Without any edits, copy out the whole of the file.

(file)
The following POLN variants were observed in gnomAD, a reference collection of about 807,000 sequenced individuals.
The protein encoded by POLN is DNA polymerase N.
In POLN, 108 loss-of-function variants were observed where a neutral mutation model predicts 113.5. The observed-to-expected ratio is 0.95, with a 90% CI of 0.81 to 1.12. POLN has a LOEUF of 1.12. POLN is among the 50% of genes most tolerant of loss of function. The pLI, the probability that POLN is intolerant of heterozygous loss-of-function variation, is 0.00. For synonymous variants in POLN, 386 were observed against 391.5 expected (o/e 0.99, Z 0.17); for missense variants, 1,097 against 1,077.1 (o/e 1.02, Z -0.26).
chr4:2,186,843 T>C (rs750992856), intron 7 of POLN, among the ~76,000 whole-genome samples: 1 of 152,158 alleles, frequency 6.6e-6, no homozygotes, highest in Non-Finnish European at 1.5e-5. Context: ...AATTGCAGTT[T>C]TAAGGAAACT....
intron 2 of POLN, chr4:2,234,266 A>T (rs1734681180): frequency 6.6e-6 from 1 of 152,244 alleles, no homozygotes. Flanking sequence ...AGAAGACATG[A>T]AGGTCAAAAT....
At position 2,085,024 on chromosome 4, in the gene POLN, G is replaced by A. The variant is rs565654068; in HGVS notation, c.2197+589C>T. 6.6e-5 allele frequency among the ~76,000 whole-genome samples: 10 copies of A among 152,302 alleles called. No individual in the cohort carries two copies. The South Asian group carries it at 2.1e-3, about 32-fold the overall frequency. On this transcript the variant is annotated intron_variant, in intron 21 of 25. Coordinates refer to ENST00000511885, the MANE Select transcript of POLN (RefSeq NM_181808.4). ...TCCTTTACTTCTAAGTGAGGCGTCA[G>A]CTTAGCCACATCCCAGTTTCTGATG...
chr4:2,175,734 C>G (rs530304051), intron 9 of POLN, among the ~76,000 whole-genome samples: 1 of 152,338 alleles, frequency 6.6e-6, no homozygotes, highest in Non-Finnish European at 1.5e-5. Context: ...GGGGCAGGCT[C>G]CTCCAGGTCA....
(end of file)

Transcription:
The following POLN variants were observed in gnomAD, a reference collection of about 807,000 sequenced individuals.
The protein encoded by POLN is DNA polymerase N.
In POLN, 108 loss-of-function variants were observed where a neutral mutation model predicts 113.5. The observed-to-expected ratio is 0.95, with a 90% CI of 0.81 to 1.12. POLN has a LOEUF of 1.12. POLN is among the 50% of genes most tolerant of loss of function. The pLI, the probability that POLN is intolerant of heterozygous loss-of-function variation, is 0.00. For synonymous variants in POLN, 386 were observed against 391.5 expected (o/e 0.99, Z 0.17); for missense variants, 1,097 against 1,077.1 (o/e 1.02, Z -0.26).
chr4:2,186,843 T>C (rs750992856), intron 7 of POLN, among the ~76,000 whole-genome samples: 1 of 152,158 alleles, frequency 6.6e-6, no homozygotes, highest in Non-Finnish European at 1.5e-5. Context: ...AATTGCAGTT[T>C]TAAGGAAACT....
intron 2 of POLN, chr4:2,234,266 A>T (rs1734681180): frequency 6.6e-6 from 1 of 152,244 alleles, no homozygotes. Flanking sequence ...AGAAGACATG[A>T]AGGTCAAAAT....
At position 2,085,024 on chromosome 4, in the gene POLN, G is replaced by A. The variant is rs565654068; in HGVS notation, c.2197+589C>T. 6.6e-5 allele frequency among the ~76,000 whole-genome samples: 10 copies of A among 152,302 alleles called. No individual in the cohort carries two copies. The South Asian group carries it at 2.1e-3, about 32-fold the overall frequency. On this transcript the variant is annotated intron_variant, in intron 21 of 25. Coordinates refer to ENST00000511885, the MANE Select transcript of POLN (RefSeq NM_181808.4). ...TCCTTTACTTCTAAGTGAGGCGTCA[G>A]CTTAGCCACATCCCAGTTTCTGATG...
chr4:2,175,734 C>G (rs530304051), intron 9 of POLN, among the ~76,000 whole-genome samples: 1 of 152,338 alleles, frequency 6.6e-6, no homozygotes, highest in Non-Finnish European at 1.5e-5. Context: ...GGGGCAGGCT[C>G]CTCCAGGTCA....